More Resources:
Welcome to the Anthropocene, an interdisciplinary lecture series organized by the Oslo School of Environmental Humanities.

Anti-Pandemic Diet informs the public about the connection between the ongoing COVID-19 pandemic and our dietary behavior.

David Quammen, 2013. Spillover: Animal Infections and the Next Human Pandemic. W.W. Norton.

Merritt Clifton, 2021. COVID-19 & “The Next Big One”: Spillover revisited. Animals 24-7. recorded webinars on animals, people and the planet.

Andrew Knight: “Climate Change: The Livestock Connection” YouTube presentation.

The Last Pig: A Farmer’s Ethical Crisis chronicles one farmer’s final year on the farm as he questions his beliefs and the value of life.

Gregg Sparkman, Bobbie NJ. Macdonald, Krystal D. Caldwell, Brian Kateman, Gregory D. Boese, Cut Back or Give it Up? The Effectiveness of Reduce and Eliminate Appeals and Dynamic Norm Messaging to Curb Meat ConsumptionJournal of Environmental Psychology, 2021, 101592.

NOTE: The “Animals and COVID-19” section of this Report is copyright © 2021, the Animals & Society Institute. All rights reserved. This material may be reproduced for personal use or by not-for-profit organizations with proper credits and the web site link For other uses, no portion of this publication may be reproduced or distributed, in print or through any electronic means, without the written permission of the Animals & Society Institute. Contact


We at ASI are excited to announce the addition of two members to our Board of Directors, who will help us accomplish our vision of a compassionate world where animals flourish: Thomas Aiello and Kimberly Spanjol. Read more about them here.

ASI is seeking applications from those with non-profit finance expertise for its Board of Directors. If you have experience in nonprofit finances, we would love to talk to you. Whether you have experience working with a hands-on board or are thinking about joining a board for the first time, this may be the right opportunity for you. Learn more here.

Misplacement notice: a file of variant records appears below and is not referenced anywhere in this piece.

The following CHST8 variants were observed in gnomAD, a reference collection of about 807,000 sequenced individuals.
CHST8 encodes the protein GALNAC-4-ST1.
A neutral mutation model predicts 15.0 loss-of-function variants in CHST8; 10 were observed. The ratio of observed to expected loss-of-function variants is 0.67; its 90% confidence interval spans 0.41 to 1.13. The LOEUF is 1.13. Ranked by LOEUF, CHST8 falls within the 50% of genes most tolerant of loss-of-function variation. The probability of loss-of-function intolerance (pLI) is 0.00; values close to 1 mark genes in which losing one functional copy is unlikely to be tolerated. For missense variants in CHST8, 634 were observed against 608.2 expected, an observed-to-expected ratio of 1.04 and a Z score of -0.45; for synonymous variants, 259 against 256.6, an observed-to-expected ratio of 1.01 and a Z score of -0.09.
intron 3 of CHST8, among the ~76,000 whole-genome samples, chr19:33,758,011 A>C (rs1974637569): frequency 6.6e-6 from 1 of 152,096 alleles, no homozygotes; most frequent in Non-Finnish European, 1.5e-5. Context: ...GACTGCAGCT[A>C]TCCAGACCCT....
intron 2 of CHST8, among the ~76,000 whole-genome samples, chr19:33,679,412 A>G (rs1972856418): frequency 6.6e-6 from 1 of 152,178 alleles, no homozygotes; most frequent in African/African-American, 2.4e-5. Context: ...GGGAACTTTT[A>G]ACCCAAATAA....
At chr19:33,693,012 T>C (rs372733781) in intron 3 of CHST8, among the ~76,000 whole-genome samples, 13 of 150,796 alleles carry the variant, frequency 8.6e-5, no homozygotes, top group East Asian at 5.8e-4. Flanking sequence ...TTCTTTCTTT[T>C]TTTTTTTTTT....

ASI is also looking for a Grant Proposal Writer. This contracted position is responsible for actively supporting ASI programs and cultivation activities. The successful candidate will have the expertise to craft funding proposals and reports in a clear and compelling manner. Read more here.

Finally, ASI is pleased to announce that downloads of full-texts of individual articles for the ASI-managed Journal of Applied Animal Welfare Science (JAAWS) was 31,226, a 10% gain over last year. In addition, JAAWS added three new members to its Board of Editors to increase the fledgling but growing interest in animal welfare in Asian countries: Xiang Li, Northeast Agricultural University, China; Bo ZhouNanjing Agricultural University, China; and Katsuji Uetake, Azabu University, Japan. 


ASI Board President Ken Shapiro will be keynoting at the Human-Animal Relations: Opportunities and Challenges in Changing Realities, along with Barbara J. King and Phillip Tedeschi. Hosted by The Community for Human-Animal Studies Israel (HASI) | The Israeli Anthropological Association in collaboration with The Coller-Menmon Animal Rights and Welfare Program at the Buchmann Faculty of Law, Tel-Aviv University, the conference will be held virtually between June 1-3, 2021, and will include special guests and participants from all over the world. Register here.

Margo DeMello’s second edition of her book, Animals and Society: An Introduction to Human-Animal Studies, is now avalable! After 15 years directing the Human-Animal Studies Program at ASI, Margo is now an assistant professor in the anthrozoology program at Carroll College. 

This month’s LINK-Letter from the National Resource Center on The Link between Animal Abuse and Human Violence covers: Major bills addressing animal sexual abuse, pet custody, and cross-training and cross-reporting between child, domestic, animal, and elder abuse agencies and veterinarians are working their way through Congress and legislatures in Florida, Maine, New York, Texas, West Virginia, and Connecticut. Canada is recognizing The Link between animal abuse and human violence in child protection orders and law enforcement training. And attorneys and juvenile and family court judges are learning how to best protect all vulnerable members of families—including the pets.

The World Federation for Animals—a membership organization for animal protection groups whose purpose is uniting the movement by sharing information and developing focus on key policy issues impacting animals—has launched a newsletter series. Sign up here.

HAS Funding and Opportunities